From grand greenhouses to ancient gardens, catch your breath at these beautiful green spaces found throughout Asia

Hong Kong Park, Hong Kong

Sitting pretty between Central and Admiralty, Hong Kong Park is a green oasis nestled between some of Hong Kong's most iconic skyscrapers. As well as shady paths and beds of colourful flowers, there's also a man-made lake and waterfall, multiple green houses and conservatories, a six-level outdoor kids' play area, a Museum of Teaware with an adjoining tea house that serves vegetarian dim sum and a spectacular aviary.

The stunning Edward Youde aviary houses a tropical forest and hundreds of birds right in the heart of Hong Kong Park. A tree walk-style path snakes through the aviary, which is encased in beautifully designed netting that blends the outside cityscape and the jungle within. A must for those who enjoy bird watching in Hong Kong. 

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Gardens By The Bay, Singapore

Gardens By the Bay is leading the way for the future of green spaces in urban environments. You might recognise its Avatar-like Supertrees from their cameo in the Singapore-set film, Crazy Rich Asians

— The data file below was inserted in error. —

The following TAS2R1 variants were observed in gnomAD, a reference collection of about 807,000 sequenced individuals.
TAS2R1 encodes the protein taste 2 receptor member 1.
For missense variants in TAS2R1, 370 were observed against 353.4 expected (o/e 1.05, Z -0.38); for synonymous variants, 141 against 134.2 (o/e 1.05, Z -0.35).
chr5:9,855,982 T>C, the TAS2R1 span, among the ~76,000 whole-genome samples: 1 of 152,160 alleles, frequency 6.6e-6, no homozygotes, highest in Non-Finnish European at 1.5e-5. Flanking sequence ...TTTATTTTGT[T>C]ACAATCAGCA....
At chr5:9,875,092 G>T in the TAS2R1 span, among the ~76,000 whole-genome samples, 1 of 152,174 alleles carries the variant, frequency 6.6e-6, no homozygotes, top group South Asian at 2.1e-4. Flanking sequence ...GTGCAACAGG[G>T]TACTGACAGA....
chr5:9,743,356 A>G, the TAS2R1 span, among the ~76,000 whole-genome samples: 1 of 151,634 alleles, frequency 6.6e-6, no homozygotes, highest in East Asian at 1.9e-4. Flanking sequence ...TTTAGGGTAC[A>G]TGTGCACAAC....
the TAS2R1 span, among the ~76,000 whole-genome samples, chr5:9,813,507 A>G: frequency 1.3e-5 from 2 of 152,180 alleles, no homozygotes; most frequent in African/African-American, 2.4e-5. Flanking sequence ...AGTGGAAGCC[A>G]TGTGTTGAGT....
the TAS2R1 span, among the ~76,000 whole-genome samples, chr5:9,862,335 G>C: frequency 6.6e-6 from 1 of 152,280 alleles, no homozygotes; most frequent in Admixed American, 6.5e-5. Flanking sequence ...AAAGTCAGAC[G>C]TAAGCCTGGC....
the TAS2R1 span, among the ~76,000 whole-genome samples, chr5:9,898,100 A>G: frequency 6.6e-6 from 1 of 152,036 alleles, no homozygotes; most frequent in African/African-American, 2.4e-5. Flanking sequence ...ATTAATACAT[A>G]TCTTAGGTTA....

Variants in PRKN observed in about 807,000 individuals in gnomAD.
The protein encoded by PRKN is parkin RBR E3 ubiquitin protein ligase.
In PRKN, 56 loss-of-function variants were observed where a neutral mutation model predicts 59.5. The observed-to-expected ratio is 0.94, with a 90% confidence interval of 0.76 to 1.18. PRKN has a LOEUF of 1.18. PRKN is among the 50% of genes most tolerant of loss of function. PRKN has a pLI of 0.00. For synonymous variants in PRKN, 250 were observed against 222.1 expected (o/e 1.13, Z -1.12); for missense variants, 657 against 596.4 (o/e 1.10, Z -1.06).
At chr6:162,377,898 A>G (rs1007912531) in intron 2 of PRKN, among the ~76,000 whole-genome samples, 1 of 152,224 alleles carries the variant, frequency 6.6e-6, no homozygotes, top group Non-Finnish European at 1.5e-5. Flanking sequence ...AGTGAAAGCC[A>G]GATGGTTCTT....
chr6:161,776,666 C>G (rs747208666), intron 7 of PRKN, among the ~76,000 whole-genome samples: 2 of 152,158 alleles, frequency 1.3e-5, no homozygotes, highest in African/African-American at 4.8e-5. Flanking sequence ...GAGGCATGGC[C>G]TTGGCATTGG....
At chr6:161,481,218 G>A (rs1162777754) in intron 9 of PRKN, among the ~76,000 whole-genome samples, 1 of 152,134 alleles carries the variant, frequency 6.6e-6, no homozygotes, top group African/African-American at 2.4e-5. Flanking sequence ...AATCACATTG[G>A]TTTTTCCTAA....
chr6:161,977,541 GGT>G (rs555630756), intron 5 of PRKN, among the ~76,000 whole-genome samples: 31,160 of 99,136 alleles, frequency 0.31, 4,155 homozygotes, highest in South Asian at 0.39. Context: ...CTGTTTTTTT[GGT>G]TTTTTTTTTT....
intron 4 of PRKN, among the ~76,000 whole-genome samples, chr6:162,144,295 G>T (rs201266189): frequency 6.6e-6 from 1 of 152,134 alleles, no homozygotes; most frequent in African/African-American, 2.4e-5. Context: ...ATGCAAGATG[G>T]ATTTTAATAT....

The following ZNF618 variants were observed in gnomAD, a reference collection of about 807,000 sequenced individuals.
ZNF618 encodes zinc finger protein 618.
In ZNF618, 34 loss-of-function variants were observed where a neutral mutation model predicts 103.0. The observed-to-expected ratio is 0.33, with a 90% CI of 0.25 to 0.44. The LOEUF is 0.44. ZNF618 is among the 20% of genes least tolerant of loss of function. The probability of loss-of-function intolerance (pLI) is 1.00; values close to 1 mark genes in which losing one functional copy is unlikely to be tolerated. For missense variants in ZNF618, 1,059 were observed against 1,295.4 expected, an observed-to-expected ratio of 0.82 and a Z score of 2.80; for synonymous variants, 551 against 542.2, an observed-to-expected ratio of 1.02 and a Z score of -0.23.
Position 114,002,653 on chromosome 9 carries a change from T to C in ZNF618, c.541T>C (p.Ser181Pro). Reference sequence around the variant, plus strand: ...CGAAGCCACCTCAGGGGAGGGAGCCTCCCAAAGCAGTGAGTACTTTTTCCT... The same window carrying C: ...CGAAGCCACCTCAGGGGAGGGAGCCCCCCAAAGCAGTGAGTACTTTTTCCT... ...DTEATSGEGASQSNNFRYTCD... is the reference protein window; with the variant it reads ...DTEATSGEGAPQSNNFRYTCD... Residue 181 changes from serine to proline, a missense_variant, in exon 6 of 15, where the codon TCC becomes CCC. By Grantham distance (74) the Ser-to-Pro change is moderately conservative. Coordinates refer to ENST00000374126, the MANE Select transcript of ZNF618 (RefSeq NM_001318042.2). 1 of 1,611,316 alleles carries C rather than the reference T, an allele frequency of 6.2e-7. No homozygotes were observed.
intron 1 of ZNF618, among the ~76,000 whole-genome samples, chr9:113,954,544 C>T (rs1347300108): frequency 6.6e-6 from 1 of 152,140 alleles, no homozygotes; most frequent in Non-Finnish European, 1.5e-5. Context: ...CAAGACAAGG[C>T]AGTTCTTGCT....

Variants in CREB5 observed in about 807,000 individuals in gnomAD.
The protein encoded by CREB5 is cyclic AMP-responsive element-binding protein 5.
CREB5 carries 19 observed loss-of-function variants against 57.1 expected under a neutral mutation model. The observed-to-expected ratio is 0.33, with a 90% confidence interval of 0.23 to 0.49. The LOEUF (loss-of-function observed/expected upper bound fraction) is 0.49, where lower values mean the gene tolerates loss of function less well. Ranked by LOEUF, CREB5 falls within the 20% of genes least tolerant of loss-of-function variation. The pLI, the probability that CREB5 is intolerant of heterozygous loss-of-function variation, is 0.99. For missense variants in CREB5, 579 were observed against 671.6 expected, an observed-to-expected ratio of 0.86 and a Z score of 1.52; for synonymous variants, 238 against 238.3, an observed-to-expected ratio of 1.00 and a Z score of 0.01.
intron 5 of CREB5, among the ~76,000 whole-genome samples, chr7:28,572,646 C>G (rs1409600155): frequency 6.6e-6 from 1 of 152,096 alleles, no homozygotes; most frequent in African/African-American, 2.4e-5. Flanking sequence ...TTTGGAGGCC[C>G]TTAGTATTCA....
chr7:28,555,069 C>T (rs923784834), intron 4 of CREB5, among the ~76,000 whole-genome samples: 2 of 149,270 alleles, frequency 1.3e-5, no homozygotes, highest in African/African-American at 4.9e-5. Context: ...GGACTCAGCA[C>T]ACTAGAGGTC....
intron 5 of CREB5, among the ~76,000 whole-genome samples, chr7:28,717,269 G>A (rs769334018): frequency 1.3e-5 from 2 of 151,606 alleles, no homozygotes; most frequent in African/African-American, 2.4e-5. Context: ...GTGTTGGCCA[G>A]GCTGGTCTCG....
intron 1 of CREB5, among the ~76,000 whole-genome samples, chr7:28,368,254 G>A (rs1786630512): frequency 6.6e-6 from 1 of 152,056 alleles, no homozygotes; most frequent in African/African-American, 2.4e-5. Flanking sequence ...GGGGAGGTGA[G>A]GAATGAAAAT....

The impressive attraction comprises various horticulture experiences, including an indoor cloud forest with a soaring 35-metre man-made waterfall and plans from tropical highlands as high as 2,000 metres above sea level, including a gnarly collection of carnivorous plants. There's also a treetop walk that offers stunning views over Marina Bay Sands.

In the Flower Dome, you'll find flora from Mediterranean and semi-arid subtropical regions. From desert landscapes showcasing rare succulents to the swollen trunks of Baobabs, thousand-year-old olive trees and a vibrant Flower Field that transforms with the seasons. One of our personal favourites is hanami, or cherry blossom, season. 

Singapore Botanical Gardens, Singapore

Named a UNESCO World Heritage Site in 2015, the Singapore Botanic Gardens is the first and only tropical botanic garden on UNESCO’s World Heritage List. 

Founded in 1859, Singapore Botanic Gardens features multiple green spaces, walking paths, lakes and ponds and a National Orchid Garden. Beyond being a beautiful space to relax, it has been an important centre for science, research and plant conservation. You'll even spot roosters and otters roaming the grounds.